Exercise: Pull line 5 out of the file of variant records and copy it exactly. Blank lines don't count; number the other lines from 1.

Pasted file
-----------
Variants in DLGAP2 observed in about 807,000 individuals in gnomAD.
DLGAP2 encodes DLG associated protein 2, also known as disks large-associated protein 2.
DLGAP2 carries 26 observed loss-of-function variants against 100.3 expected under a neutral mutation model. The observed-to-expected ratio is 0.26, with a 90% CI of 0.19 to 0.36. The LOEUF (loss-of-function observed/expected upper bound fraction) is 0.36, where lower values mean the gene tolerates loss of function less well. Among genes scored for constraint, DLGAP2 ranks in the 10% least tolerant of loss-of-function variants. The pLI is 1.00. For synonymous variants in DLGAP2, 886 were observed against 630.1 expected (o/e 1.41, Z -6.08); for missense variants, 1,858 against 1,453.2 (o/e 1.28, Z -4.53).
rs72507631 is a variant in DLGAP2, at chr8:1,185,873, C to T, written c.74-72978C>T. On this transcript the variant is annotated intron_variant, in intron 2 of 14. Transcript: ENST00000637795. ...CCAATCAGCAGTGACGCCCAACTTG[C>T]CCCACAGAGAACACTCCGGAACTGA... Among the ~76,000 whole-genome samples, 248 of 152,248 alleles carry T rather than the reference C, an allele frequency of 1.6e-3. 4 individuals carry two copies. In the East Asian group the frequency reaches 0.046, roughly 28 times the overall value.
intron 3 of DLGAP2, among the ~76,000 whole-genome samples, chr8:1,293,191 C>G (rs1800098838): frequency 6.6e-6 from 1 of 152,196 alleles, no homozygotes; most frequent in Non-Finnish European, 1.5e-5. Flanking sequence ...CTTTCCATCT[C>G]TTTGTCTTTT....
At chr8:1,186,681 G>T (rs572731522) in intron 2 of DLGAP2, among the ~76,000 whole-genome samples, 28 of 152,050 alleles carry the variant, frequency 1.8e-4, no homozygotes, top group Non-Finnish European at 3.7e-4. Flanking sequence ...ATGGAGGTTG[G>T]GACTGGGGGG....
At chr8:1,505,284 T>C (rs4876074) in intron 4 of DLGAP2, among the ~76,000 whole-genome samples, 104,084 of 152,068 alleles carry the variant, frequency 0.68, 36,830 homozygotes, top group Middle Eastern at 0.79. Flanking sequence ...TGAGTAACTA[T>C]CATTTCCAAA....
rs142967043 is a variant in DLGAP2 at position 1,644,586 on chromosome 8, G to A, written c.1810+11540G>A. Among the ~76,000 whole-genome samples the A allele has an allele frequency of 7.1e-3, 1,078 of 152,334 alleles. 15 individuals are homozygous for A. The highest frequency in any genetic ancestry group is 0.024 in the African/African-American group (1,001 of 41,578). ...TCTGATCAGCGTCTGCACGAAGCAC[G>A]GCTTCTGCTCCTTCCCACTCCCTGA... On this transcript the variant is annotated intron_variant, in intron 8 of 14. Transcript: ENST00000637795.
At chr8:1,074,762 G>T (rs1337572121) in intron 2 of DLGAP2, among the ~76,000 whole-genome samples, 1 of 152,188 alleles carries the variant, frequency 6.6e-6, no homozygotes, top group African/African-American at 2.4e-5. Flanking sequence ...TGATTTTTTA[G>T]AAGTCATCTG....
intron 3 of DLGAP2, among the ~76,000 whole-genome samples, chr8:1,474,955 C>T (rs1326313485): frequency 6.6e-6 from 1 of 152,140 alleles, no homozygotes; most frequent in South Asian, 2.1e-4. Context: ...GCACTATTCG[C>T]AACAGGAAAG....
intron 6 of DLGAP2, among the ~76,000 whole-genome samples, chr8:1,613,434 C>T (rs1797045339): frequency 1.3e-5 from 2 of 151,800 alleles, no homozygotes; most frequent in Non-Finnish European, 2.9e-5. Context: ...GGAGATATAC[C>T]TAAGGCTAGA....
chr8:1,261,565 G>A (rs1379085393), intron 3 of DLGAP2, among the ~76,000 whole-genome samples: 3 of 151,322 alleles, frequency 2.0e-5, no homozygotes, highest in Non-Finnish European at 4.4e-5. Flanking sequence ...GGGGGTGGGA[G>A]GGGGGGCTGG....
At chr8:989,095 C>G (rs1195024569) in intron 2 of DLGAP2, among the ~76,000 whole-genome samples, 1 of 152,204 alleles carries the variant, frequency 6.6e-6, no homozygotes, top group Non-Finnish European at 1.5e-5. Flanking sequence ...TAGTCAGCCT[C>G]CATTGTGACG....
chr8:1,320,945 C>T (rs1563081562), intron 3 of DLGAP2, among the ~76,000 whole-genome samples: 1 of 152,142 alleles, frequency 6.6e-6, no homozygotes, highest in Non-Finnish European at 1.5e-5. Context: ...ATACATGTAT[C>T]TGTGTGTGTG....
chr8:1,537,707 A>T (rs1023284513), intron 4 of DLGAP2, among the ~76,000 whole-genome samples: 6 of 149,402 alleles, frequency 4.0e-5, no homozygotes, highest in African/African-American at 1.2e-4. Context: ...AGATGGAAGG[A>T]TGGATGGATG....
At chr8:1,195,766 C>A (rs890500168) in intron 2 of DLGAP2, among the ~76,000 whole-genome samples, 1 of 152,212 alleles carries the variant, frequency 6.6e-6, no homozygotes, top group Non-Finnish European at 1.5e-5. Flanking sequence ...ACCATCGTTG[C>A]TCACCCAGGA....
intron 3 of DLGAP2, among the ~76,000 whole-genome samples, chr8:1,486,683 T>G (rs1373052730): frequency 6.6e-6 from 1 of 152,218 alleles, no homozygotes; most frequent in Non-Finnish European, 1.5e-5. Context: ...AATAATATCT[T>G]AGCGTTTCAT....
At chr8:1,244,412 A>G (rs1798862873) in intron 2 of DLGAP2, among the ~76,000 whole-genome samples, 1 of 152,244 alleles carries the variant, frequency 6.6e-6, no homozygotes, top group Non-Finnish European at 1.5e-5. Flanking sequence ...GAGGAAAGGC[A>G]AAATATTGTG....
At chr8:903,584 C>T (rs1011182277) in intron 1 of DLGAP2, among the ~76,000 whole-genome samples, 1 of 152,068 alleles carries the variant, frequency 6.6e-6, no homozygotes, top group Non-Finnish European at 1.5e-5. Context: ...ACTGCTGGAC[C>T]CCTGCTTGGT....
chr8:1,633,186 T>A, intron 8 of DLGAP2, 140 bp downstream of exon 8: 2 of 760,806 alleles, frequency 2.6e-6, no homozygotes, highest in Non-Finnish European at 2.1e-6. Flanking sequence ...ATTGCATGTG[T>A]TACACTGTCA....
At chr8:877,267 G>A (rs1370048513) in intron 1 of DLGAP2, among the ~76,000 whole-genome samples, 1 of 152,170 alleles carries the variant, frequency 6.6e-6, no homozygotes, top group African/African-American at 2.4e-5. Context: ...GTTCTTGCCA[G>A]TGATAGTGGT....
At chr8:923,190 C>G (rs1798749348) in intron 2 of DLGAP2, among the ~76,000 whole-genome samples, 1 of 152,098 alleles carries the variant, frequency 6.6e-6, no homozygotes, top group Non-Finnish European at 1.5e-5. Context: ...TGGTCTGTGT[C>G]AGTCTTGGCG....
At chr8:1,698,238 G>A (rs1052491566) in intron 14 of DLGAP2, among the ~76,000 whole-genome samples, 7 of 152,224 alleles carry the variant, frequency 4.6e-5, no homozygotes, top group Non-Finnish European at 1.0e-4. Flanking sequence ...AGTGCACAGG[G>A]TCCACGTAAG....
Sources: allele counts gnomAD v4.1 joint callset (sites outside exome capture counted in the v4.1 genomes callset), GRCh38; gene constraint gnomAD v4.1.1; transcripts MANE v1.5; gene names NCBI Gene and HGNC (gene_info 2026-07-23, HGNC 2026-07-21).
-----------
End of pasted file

intron 3 of DLGAP2, among the ~76,000 whole-genome samples, chr8:1,293,191 C>G (rs1800098838): frequency 6.6e-6 from 1 of 152,196 alleles, no homozygotes; most frequent in Non-Finnish European, 1.5e-5. Flanking sequence ...CTTTCCATCT[C>G]TTTGTCTTTT....